amp = new p5.Amplitude();
  amp.setInput(mic);
  noStroke();
}

function draw() {
  background(237, 34, 93, 10);
  // The analyze() method returns values between 0 and 1,
  // so map() is used to convert the values to larger numbers
  scale = map(amp.getLevel(), 0, 1.0, 10, width);
  // Draw the circle based on the volume
  fill(255);
  ellipse(width/2, height/2, scale, scale);
}

The book is completed by the fantastic drawings of Taeyoon Choi. For each chapter, he has drawn his interpretation of the ideas contained inside, reminding us that there are many different ways to learn and understand.

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In addition to this book, Reas and Fry recently released an updated version of Getting Started with Processing and they are working with Allison Parrish who is porting this book to Python through the Processing.py project. Getting Started with Processing.py will be available in a few months.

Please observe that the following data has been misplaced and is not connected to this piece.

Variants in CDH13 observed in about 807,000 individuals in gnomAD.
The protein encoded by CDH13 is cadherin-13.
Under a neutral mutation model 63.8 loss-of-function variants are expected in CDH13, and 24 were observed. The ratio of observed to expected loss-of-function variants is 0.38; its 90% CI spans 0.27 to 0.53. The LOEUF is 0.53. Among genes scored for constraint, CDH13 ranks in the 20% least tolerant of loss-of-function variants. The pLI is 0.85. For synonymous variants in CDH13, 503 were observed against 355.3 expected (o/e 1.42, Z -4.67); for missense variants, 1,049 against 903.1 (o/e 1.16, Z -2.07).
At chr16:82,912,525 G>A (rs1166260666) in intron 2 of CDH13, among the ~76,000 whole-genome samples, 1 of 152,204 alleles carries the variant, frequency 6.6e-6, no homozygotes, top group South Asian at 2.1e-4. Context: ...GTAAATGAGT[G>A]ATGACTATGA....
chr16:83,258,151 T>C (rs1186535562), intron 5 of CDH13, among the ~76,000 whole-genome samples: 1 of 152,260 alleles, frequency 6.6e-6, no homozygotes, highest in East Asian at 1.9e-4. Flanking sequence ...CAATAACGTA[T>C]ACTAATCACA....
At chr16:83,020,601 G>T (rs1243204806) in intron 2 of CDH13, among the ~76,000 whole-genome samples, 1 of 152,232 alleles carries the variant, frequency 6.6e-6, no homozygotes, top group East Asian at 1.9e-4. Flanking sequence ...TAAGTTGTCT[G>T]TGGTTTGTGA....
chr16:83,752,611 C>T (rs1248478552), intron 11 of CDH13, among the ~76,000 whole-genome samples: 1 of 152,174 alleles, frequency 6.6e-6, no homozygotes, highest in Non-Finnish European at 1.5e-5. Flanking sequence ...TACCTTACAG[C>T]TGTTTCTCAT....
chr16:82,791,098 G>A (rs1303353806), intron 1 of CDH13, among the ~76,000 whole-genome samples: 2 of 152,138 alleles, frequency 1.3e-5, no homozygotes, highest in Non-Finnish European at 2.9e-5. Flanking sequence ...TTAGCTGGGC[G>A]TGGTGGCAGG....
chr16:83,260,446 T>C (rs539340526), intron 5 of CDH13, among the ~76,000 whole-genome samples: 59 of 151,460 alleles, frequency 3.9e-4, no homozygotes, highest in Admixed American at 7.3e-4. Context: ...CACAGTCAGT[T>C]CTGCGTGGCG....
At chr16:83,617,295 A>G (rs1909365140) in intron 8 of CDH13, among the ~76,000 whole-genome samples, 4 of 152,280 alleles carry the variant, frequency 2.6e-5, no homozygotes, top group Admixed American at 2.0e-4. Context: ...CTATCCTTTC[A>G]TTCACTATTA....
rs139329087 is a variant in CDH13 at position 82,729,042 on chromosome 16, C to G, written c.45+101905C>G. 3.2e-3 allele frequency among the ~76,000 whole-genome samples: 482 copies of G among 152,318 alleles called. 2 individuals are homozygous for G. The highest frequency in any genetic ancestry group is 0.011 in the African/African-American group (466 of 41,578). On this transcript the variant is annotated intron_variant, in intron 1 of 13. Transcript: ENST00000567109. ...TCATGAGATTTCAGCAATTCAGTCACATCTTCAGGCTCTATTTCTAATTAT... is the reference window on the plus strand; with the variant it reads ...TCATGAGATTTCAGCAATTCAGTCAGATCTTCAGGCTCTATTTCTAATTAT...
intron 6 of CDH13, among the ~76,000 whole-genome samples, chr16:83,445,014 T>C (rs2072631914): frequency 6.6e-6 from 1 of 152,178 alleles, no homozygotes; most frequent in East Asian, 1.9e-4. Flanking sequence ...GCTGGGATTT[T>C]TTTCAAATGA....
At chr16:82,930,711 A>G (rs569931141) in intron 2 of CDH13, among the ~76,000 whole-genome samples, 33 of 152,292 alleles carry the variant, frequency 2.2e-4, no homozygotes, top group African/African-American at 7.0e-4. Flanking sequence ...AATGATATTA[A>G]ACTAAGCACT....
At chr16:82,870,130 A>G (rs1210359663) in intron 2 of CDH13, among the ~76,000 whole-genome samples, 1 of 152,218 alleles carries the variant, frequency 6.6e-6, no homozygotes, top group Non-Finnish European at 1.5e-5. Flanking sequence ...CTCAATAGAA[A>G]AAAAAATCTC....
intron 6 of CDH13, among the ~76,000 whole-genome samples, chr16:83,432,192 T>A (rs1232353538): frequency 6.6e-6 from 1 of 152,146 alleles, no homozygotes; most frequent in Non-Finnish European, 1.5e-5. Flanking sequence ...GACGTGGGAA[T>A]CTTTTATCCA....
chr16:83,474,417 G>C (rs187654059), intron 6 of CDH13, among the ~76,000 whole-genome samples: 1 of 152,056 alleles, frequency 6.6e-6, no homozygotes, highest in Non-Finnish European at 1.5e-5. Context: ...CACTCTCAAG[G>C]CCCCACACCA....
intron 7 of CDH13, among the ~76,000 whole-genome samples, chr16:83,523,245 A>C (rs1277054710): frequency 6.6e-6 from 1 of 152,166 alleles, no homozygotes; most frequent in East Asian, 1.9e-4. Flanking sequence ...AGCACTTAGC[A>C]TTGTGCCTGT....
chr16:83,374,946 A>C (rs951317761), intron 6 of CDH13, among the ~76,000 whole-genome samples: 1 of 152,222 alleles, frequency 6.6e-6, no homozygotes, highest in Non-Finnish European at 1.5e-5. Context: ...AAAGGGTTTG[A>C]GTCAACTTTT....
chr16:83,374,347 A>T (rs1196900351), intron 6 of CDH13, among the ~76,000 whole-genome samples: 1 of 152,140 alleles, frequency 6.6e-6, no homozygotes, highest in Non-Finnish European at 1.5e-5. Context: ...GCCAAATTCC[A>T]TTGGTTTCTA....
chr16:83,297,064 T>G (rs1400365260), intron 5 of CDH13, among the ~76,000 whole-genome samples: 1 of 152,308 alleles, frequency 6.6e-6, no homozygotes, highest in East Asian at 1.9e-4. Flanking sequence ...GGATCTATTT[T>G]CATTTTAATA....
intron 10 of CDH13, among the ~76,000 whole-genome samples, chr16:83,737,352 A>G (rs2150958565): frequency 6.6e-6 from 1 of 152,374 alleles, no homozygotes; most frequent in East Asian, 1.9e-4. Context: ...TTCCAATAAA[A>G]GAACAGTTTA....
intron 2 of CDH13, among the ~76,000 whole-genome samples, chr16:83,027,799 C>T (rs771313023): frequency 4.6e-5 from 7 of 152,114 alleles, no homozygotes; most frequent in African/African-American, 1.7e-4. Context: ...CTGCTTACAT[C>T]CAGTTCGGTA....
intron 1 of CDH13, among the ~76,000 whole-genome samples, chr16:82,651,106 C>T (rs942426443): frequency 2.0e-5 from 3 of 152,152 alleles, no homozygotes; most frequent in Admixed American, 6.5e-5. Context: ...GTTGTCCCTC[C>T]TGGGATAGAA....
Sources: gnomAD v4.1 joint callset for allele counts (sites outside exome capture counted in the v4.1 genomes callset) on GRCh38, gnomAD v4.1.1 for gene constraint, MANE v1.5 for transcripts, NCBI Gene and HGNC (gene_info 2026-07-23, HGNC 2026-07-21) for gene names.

Processing, p5.js, and Processing.py are all supported by the Processing Foundation. We started the Foundation in 2012 with the two-fold mission to promote software literacy within the visual arts, and visual literacy within technology-related fields. Our primary goal is to lower the barrier of entry to coding for non-developers, and promote the visual arts for people from all backgrounds.

We’re thrilled to share Getting Started with p5.js with you. The p5.js community continues to grow and evolve, and we hope you’ll become a part of it!

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The p5.js community by Taeyoon Choi